I came across a magical book recently called Fairy Village by master fairy architects, Mike and Debbie Schramer. Their book has inspired me to creature magical miniatures with more natural materials. I cordially invite you to read on to learn more about the book.
Take a guided tour through a magical fairy village
Fairy Village is a beautifully written and presented book. Mike and Debbie guide you through their very own magical fairy village that includes treehouses and cottages, a library, schools, shops of all kinds, and an even market! There is also a miniature furniture gallery featuring whimsical chairs and benches, dreamy beds, and ornate tables and desks. I especially love the bakery called Meadowland. As Mike and Debbie explain, an old elfin baker runs Meadowland and he bakes a range of yummy mini treats, including pastries, breads and even donuts! The baker also reminds us to take a moment to express our gratitude for the abundance nature provides. As Mike and Debbie share, he sometimes lights a candle, taking ‘a moment on a quiet evening to cherish the gentle spirit that is his little bake shop (Schraner & Schraner 2019, 48).’
Inspired to create!
The book has captured my imagination and given me more confidence to try creating miniatures from more natural materials. During the pandemic, I began to grow my collection of materials. I started drying and pressing flowers from my garden and collecting seed pods and bark from native trees, such as the large eucalyptus trees, growing in my suburb. At times, I keep subjects intact to study when I nature journal. But lately, I have felt a strong urge to make objects but wasn’t too sure how to go about it. Now, thanks to Mike and Debbie’s book, I am inspired to play, experiment and create with my materials. It is important to highlight that the book isn’t a step-by-step instructional manual on how to create miniatures but it will inspire you to create, I can assure you!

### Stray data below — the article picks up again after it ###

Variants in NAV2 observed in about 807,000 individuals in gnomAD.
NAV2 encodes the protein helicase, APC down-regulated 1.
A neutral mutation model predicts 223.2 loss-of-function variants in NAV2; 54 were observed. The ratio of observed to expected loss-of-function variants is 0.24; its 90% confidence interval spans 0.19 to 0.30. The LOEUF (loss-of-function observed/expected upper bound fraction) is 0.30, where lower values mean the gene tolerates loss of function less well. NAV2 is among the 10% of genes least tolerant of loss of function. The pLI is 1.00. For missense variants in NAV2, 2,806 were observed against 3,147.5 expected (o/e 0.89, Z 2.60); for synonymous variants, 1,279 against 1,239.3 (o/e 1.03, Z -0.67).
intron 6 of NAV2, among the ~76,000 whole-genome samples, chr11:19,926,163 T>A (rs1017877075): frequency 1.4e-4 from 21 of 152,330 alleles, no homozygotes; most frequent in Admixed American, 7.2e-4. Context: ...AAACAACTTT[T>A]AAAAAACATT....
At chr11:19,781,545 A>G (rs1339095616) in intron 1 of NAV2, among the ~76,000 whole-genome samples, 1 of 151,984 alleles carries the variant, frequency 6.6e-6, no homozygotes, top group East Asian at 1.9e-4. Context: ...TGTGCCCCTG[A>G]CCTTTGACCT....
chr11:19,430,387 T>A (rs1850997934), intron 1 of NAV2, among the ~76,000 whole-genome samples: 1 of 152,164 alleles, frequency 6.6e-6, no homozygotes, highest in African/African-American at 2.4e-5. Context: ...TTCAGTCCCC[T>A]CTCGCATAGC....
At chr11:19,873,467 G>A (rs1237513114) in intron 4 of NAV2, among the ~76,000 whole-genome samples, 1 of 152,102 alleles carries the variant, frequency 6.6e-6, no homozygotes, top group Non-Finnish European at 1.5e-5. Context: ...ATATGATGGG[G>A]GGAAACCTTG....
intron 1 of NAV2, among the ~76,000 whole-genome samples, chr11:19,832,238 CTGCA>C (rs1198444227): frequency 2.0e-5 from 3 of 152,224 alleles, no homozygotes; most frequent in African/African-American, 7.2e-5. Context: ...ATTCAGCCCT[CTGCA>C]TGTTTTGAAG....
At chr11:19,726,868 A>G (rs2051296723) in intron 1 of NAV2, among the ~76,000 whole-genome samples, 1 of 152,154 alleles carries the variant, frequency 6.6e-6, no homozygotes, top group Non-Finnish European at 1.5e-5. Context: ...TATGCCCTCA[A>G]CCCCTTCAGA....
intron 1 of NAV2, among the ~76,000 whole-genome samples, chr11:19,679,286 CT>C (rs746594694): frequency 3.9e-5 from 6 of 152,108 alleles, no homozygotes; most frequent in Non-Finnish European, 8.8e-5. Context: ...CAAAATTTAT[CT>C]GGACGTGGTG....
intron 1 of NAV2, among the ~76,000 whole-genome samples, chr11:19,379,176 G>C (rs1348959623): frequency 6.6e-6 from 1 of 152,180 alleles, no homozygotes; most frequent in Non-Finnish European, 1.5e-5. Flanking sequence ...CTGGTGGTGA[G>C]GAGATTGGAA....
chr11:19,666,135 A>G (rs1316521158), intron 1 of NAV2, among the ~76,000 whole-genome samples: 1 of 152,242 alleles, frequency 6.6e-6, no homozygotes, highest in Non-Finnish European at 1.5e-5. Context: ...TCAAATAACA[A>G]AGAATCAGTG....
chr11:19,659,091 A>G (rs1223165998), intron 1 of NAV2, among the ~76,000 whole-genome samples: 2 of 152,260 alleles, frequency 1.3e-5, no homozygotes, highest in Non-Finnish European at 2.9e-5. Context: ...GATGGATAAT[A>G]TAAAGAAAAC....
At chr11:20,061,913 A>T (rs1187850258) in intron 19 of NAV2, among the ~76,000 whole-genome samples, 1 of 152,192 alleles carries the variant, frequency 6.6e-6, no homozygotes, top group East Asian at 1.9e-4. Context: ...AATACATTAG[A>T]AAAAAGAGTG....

Fairy Village is simply beautiful and I highly recommend it not only to fairy and miniature landscape gardeners but also to families who are looking for ideas for nature-based, imaginative play and storytelling projects.
And if you have already read the book, please share with me what you think about it in the comments section below. I’d love to hear from you. If you are new to my blog, I warmly invite you to stay in touch with me by signing up to my e-newsletter.
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